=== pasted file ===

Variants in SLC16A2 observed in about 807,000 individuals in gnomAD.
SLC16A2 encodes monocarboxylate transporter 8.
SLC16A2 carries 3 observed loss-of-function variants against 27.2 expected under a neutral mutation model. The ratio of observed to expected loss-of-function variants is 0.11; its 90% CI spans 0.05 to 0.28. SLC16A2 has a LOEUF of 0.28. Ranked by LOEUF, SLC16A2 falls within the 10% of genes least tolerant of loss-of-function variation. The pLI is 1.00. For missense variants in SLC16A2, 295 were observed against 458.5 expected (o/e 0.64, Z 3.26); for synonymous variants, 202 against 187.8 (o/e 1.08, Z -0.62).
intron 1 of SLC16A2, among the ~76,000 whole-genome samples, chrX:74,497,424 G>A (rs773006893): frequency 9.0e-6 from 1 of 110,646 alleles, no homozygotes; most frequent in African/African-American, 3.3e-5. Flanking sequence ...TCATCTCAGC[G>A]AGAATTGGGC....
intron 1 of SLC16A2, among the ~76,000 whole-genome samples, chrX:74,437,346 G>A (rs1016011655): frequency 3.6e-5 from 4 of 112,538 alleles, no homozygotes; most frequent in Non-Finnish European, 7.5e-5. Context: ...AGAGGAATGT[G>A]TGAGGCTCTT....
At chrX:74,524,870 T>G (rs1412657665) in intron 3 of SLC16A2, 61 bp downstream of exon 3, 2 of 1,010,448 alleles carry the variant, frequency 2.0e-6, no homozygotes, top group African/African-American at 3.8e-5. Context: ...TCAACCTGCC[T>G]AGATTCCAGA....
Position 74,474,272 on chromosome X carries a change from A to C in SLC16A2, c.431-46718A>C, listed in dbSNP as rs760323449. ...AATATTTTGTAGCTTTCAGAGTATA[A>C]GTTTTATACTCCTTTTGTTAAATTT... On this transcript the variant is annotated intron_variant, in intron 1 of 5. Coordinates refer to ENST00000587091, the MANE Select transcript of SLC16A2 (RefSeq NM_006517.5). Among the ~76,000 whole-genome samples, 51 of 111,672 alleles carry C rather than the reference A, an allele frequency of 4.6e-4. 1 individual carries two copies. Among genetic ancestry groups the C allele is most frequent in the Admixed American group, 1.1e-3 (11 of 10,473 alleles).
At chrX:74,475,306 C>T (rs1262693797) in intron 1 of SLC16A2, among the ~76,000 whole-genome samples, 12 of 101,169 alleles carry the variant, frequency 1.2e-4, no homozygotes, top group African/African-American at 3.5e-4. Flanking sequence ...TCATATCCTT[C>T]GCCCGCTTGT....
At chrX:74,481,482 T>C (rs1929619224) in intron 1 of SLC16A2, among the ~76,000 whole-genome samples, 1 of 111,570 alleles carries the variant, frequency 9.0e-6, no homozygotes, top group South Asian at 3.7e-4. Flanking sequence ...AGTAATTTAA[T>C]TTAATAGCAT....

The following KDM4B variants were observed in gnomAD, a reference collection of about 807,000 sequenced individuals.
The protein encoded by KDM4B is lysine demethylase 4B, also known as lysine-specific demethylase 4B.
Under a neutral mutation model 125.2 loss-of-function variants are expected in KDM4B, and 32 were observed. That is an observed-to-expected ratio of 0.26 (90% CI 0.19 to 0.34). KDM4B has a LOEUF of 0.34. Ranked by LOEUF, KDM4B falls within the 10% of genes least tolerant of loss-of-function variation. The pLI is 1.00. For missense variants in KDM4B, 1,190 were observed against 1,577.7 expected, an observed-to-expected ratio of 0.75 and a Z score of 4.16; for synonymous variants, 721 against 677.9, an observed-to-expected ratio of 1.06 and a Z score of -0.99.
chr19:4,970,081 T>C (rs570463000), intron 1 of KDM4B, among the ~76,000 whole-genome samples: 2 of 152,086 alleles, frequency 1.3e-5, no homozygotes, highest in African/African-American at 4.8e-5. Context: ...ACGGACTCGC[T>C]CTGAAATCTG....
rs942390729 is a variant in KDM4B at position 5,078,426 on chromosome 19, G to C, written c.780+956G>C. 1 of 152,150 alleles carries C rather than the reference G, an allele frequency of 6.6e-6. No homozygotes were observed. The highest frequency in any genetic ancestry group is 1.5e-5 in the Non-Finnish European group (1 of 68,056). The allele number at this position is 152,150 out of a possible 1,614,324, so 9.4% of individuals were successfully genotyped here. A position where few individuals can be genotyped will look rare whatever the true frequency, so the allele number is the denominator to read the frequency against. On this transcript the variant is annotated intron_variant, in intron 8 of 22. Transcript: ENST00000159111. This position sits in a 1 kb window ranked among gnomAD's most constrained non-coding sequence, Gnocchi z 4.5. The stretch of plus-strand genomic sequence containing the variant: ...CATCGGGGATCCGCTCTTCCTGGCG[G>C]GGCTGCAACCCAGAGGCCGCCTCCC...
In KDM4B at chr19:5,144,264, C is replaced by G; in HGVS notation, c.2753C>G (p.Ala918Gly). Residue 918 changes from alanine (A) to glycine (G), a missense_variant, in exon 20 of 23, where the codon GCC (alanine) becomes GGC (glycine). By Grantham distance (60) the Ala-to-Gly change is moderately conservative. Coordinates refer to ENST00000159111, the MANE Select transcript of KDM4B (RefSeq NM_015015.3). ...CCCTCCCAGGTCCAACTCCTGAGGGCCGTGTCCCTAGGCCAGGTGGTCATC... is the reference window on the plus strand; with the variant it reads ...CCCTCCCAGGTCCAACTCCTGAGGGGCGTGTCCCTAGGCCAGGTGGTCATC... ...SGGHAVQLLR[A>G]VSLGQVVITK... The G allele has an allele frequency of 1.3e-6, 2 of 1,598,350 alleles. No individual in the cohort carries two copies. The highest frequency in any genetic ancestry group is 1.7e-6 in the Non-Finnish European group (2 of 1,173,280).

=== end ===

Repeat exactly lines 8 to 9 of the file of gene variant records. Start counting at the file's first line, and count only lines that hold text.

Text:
At chrX:74,475,306 C>T (rs1262693797) in intron 1 of SLC16A2, among the ~76,000 whole-genome samples, 12 of 101,169 alleles carry the variant, frequency 1.2e-4, no homozygotes, top group African/African-American at 3.5e-4. Flanking sequence ...TCATATCCTT[C>T]GCCCGCTTGT....
At chrX:74,481,482 T>C (rs1929619224) in intron 1 of SLC16A2, among the ~76,000 whole-genome samples, 1 of 111,570 alleles carries the variant, frequency 9.0e-6, no homozygotes, top group South Asian at 3.7e-4. Flanking sequence ...AGTAATTTAA[T>C]TTAATAGCAT....